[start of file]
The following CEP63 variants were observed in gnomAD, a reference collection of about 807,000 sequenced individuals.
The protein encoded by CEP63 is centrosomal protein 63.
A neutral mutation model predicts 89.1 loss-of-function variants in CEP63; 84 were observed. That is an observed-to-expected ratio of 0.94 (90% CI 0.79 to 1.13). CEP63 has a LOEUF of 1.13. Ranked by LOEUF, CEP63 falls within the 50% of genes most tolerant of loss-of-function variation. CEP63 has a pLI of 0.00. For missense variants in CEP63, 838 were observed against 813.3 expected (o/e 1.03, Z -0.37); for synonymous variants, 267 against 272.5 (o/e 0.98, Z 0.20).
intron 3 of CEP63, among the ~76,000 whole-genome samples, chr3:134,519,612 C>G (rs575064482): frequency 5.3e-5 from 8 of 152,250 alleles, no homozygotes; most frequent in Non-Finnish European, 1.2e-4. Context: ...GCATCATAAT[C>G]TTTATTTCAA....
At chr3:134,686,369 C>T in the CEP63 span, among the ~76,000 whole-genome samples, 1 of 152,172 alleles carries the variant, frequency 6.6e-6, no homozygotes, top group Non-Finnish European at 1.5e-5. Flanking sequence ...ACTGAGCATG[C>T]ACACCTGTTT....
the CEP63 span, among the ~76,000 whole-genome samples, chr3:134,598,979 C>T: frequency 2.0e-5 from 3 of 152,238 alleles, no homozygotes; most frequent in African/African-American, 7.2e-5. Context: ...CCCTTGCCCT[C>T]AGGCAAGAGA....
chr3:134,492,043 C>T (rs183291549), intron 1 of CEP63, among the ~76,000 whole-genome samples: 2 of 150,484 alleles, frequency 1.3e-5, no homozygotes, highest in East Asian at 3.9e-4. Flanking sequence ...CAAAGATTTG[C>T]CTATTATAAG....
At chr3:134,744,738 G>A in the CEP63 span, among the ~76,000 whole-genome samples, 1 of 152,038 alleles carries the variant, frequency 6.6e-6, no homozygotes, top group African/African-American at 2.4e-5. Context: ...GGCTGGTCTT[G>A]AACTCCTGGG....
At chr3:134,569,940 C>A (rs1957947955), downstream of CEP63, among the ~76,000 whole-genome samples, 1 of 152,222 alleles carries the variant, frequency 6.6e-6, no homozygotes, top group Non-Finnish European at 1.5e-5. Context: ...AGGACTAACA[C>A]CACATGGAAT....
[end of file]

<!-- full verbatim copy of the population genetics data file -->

The following CEP63 variants were observed in gnomAD, a reference collection of about 807,000 sequenced individuals.
The protein encoded by CEP63 is centrosomal protein 63.
A neutral mutation model predicts 89.1 loss-of-function variants in CEP63; 84 were observed. That is an observed-to-expected ratio of 0.94 (90% CI 0.79 to 1.13). CEP63 has a LOEUF of 1.13. Ranked by LOEUF, CEP63 falls within the 50% of genes most tolerant of loss-of-function variation. CEP63 has a pLI of 0.00. For missense variants in CEP63, 838 were observed against 813.3 expected (o/e 1.03, Z -0.37); for synonymous variants, 267 against 272.5 (o/e 0.98, Z 0.20).
intron 3 of CEP63, among the ~76,000 whole-genome samples, chr3:134,519,612 C>G (rs575064482): frequency 5.3e-5 from 8 of 152,250 alleles, no homozygotes; most frequent in Non-Finnish European, 1.2e-4. Context: ...GCATCATAAT[C>G]TTTATTTCAA....
At chr3:134,686,369 C>T in the CEP63 span, among the ~76,000 whole-genome samples, 1 of 152,172 alleles carries the variant, frequency 6.6e-6, no homozygotes, top group Non-Finnish European at 1.5e-5. Flanking sequence ...ACTGAGCATG[C>T]ACACCTGTTT....
the CEP63 span, among the ~76,000 whole-genome samples, chr3:134,598,979 C>T: frequency 2.0e-5 from 3 of 152,238 alleles, no homozygotes; most frequent in African/African-American, 7.2e-5. Context: ...CCCTTGCCCT[C>T]AGGCAAGAGA....
chr3:134,492,043 C>T (rs183291549), intron 1 of CEP63, among the ~76,000 whole-genome samples: 2 of 150,484 alleles, frequency 1.3e-5, no homozygotes, highest in East Asian at 3.9e-4. Flanking sequence ...CAAAGATTTG[C>T]CTATTATAAG....
At chr3:134,744,738 G>A in the CEP63 span, among the ~76,000 whole-genome samples, 1 of 152,038 alleles carries the variant, frequency 6.6e-6, no homozygotes, top group African/African-American at 2.4e-5. Context: ...GGCTGGTCTT[G>A]AACTCCTGGG....
At chr3:134,569,940 C>A (rs1957947955), downstream of CEP63, among the ~76,000 whole-genome samples, 1 of 152,222 alleles carries the variant, frequency 6.6e-6, no homozygotes, top group Non-Finnish European at 1.5e-5. Context: ...AGGACTAACA[C>A]CACATGGAAT....